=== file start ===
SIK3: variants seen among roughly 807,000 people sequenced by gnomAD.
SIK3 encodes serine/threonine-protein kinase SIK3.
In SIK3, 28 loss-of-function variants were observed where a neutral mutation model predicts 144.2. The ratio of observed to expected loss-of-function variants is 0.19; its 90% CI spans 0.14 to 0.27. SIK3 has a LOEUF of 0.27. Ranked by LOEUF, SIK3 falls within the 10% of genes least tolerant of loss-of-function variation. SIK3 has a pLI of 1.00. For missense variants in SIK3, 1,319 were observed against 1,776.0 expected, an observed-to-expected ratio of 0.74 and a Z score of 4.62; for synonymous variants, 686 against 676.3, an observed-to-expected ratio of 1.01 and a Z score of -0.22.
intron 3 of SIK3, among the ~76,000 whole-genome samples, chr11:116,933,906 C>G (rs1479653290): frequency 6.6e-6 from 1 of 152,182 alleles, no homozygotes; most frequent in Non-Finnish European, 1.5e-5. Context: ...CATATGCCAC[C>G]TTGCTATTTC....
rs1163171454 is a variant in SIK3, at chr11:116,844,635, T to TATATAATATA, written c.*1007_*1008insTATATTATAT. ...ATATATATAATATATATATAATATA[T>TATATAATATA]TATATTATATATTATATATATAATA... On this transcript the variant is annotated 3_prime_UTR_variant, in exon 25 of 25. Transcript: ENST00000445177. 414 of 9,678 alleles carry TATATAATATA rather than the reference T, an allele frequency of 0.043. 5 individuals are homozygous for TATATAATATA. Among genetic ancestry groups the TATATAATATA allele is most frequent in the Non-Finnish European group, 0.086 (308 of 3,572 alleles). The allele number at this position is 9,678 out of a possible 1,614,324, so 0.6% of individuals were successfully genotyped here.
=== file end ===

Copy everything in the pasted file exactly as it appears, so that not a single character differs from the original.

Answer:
SIK3: variants seen among roughly 807,000 people sequenced by gnomAD.
SIK3 encodes serine/threonine-protein kinase SIK3.
In SIK3, 28 loss-of-function variants were observed where a neutral mutation model predicts 144.2. The ratio of observed to expected loss-of-function variants is 0.19; its 90% CI spans 0.14 to 0.27. SIK3 has a LOEUF of 0.27. Ranked by LOEUF, SIK3 falls within the 10% of genes least tolerant of loss-of-function variation. SIK3 has a pLI of 1.00. For missense variants in SIK3, 1,319 were observed against 1,776.0 expected, an observed-to-expected ratio of 0.74 and a Z score of 4.62; for synonymous variants, 686 against 676.3, an observed-to-expected ratio of 1.01 and a Z score of -0.22.
intron 3 of SIK3, among the ~76,000 whole-genome samples, chr11:116,933,906 C>G (rs1479653290): frequency 6.6e-6 from 1 of 152,182 alleles, no homozygotes; most frequent in Non-Finnish European, 1.5e-5. Context: ...CATATGCCAC[C>G]TTGCTATTTC....
rs1163171454 is a variant in SIK3, at chr11:116,844,635, T to TATATAATATA, written c.*1007_*1008insTATATTATAT. ...ATATATATAATATATATATAATATA[T>TATATAATATA]TATATTATATATTATATATATAATA... On this transcript the variant is annotated 3_prime_UTR_variant, in exon 25 of 25. Transcript: ENST00000445177. 414 of 9,678 alleles carry TATATAATATA rather than the reference T, an allele frequency of 0.043. 5 individuals are homozygous for TATATAATATA. Among genetic ancestry groups the TATATAATATA allele is most frequent in the Non-Finnish European group, 0.086 (308 of 3,572 alleles). The allele number at this position is 9,678 out of a possible 1,614,324, so 0.6% of individuals were successfully genotyped here.